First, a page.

If we know back then during Facebook’s infancy what we know today, would we be as willing to hand over our information to the company? Chances are many of us would not be comfortable with that idea, so imagine what if Facebook had actually decided to take our user data and monetize it?

Turns out that’s almost what had happened. According to a report from The Wall Street Journal who managed to obtain emails from an unredacted court document, it seems that at one point in time several years ago, an idea was floated that suggested that Facebook could potentially charge companies for access to user data, and that it was even suggested that companies would need to spend at least $250,000 a year on advertising if they did not want to get cut off from user data.

However as many of us already know, it seems that Facebook ultimately decided against it. In a statement made by Konstantinos Papamiltiadis, Facebook’s director of developer platforms and programs, “We stand by the platform changes we made in 2015 to stop a person from sharing their friends’ data with developers. Any short-term extensions granted during this platform transition were to prevent the changes from breaking user experience.”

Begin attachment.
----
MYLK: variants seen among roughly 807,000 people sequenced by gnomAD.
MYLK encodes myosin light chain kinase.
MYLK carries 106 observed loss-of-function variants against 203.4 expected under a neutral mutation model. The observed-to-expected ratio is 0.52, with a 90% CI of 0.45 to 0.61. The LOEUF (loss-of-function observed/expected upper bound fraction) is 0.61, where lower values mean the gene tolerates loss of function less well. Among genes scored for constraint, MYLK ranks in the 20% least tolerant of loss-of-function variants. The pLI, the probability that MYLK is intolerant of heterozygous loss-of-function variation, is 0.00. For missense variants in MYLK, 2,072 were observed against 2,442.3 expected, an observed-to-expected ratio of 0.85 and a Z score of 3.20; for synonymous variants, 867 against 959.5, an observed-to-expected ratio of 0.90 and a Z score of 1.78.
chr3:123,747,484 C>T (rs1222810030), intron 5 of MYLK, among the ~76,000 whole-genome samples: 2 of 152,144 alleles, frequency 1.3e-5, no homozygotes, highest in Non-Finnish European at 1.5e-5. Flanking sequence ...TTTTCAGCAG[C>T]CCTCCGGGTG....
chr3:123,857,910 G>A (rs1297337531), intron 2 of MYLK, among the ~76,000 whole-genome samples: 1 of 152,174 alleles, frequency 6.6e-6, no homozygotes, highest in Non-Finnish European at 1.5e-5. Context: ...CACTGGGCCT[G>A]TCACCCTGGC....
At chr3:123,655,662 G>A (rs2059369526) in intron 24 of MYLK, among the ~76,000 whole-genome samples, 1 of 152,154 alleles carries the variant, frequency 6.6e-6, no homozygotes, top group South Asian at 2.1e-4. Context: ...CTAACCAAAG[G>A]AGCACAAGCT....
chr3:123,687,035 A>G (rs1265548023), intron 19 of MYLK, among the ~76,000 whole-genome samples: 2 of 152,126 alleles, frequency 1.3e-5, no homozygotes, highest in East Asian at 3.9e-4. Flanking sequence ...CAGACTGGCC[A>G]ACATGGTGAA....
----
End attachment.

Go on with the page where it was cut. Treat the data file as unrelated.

He adds, “To be clear, Facebook has never sold anyone’s data. Our APIs have always been free of charge and we have never required developers to pay for using them, either directly or by buying advertising.”

Filed in General. Read more about Facebook and Privacy.

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